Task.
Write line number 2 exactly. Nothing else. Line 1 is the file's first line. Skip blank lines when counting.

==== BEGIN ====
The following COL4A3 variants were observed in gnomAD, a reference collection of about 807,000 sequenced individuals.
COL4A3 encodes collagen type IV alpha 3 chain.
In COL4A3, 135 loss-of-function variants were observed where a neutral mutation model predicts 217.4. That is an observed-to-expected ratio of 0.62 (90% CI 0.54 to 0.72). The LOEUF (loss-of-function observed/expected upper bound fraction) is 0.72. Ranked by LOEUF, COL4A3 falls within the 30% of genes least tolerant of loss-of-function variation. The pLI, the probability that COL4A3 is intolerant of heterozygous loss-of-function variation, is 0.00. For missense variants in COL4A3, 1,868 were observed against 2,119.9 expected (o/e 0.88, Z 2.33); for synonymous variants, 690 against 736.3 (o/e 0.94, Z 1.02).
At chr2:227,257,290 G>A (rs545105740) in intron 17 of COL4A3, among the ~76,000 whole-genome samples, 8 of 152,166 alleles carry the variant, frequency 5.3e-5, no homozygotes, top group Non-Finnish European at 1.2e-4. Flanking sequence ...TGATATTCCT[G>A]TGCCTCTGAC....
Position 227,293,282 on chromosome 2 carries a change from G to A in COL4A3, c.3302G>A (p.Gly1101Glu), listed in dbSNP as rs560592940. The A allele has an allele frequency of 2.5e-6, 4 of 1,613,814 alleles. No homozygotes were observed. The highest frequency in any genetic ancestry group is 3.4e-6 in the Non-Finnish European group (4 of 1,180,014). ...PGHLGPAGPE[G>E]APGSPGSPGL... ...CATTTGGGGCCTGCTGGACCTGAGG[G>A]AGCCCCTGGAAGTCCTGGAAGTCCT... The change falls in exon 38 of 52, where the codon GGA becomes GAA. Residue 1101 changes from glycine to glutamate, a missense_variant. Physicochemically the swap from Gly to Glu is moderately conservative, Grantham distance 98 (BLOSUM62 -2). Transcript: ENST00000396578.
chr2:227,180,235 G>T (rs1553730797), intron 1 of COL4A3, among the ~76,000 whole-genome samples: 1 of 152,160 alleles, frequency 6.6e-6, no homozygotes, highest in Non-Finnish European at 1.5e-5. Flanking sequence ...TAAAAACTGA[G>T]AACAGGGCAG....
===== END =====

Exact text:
COL4A3 encodes collagen type IV alpha 3 chain.